This is one of those Awkward Family Photographs.
Dad is not only disheveled, but looks thin and unwell - not at all his robust self. That's because not too long before this picture was taken he was in the hospital for various physical ailments having to do with alcoholism. We almost lost him. I well recall one occasion when we had to call the ambulance because he was hemorrhaging interally (that's what I heard the ambulanceman say); it was very scary. I was bundled off to the neighbor's house - my friend Jimmy - while Mom rushed to the hospital with Dad. We watched "my Favorite Martian," a TV show we both loved, but I got very little enjoyment out of it that night. I am happy to report that after this Dad became a teetotaler and enjoyed generally good health for the next nineteen years until he died.
As for me, the camera caught me in sky blue flannel pajamas with snow scenes in a totally unprepared, zombie-like pose. Perhaps this is one Christmas where the dad was wide awake and the kid was half-asleep.
Dad is proudly presenting me with the Grand Gift of 1964: A flamboyant green (that's what they called it) Schwinn Sting Ray - with basket and horn. The basket and horn would soon be removed, but I loved this bike. When we moved to Burbank two months later this bike and I went everywhere. It and my first Lego set remain my all-time favorite Christmas gifts. You can read more about my Sting Ray here.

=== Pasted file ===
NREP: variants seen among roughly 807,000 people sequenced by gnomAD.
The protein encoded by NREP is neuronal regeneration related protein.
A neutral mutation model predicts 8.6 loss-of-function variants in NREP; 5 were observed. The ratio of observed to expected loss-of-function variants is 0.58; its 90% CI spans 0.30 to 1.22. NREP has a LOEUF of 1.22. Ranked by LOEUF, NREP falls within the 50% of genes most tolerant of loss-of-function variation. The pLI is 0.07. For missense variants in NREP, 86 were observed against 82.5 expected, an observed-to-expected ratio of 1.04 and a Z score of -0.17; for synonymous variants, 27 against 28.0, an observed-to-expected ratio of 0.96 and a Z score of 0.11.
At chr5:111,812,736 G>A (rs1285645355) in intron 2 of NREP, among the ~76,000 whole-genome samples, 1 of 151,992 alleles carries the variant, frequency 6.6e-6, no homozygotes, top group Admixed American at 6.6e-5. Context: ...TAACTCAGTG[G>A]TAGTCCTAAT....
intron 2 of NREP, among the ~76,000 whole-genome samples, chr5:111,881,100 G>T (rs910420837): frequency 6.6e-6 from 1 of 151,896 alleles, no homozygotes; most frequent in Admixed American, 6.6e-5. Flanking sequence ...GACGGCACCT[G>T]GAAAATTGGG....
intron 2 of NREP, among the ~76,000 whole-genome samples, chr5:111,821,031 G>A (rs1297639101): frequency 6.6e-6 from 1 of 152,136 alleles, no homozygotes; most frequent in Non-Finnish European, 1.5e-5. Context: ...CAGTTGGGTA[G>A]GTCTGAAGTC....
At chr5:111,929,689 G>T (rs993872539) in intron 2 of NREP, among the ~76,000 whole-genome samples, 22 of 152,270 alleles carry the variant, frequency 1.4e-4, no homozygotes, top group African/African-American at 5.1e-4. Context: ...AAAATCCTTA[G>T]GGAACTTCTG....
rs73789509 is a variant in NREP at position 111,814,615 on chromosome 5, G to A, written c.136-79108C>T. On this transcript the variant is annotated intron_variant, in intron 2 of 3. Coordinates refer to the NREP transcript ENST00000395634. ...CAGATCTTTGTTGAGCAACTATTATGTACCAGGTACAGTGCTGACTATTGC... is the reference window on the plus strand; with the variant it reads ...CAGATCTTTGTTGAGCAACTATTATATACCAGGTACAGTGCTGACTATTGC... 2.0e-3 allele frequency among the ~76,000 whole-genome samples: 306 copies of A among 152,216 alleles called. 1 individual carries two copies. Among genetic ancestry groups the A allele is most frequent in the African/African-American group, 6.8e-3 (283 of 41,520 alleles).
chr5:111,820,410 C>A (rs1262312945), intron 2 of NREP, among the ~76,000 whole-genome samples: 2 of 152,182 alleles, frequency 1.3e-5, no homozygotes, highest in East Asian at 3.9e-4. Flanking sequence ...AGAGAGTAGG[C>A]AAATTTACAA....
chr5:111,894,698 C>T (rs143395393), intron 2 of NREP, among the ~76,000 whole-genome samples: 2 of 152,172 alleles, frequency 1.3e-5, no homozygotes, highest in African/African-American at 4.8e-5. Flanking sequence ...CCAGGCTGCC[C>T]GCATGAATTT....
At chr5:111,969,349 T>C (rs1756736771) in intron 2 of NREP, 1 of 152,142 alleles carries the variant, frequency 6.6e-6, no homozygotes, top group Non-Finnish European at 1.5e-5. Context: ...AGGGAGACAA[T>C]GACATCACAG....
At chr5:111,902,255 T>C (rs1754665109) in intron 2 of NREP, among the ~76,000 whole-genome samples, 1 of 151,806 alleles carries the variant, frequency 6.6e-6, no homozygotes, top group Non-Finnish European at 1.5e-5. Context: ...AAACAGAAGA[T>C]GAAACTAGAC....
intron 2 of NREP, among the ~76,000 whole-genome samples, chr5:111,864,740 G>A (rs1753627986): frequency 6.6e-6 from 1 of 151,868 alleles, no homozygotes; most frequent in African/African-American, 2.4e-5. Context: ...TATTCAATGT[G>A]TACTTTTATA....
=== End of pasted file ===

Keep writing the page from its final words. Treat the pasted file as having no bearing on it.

As was our custom, we once again taped our Christmas cards around the door. That's the kitchen behind Dad; you can see our white Hotpoint fridge, which we took to Burbank.
My expression clearly shows my happiness with my new bike. This shot also shows the bike's whitewall tires which, I think, dress up the bike considerably. However whitewall tires were not cool for boys, and so they wouldn't last long.
I distinctly recall riding around the neighborhood - somewhat wobbly - on Christmas Day. The bike was slightly big for me, and so I got the impression that I was really riding some big kid's bike, not my own. That was a cool feeling. I would keep this Sting Ray until 1968, when I would get a 5-speed model. When that got stolen I got another like this one, and so I rode this size Sting Ray bike until I was nearly seventeen! By then I was a tall, strapping young lad and looked fairly ridiculous on a Sting Ray, and so bought a larger 10-speed.
You can see one of Mom's gifts to Dad on the right: a golf club bag caddy - which he would never use. That's our kitchen behind me; various jars and mugs can be seen in the cupboard.
Ah, that's more like it! Dad is now groomed and dressed and so am I. I am a happy boy. It's Christmas morning and I have my father.
Note, however, the dirt and grass stain on the knee of my pants. I was an active, rough and ready eight year-old and frequently ended up wearing my play environment.
Our pole lamp with the milk glass globes can be seen. There is a milk glass dish on the television, also a bottle of Vicks VapoRub, Dad's solace. That television was, of course, a black and white model. We would buy our first color television in 1965, once we moved to Burbank.
The Christmas tree is rather small and stands upon a box to give it some height. You can barely make out a cloth pixie ornament hanging near the top of the tree. We had three of these: one in a white tunic, one in a green tunic and one in a red tunic. They met a bitter end. When we decided that we no longer wanted these Snap, Crackle and Pop clones as Christmas decorations I cut their heads off with a large pair of scissors before throwing them in the trash.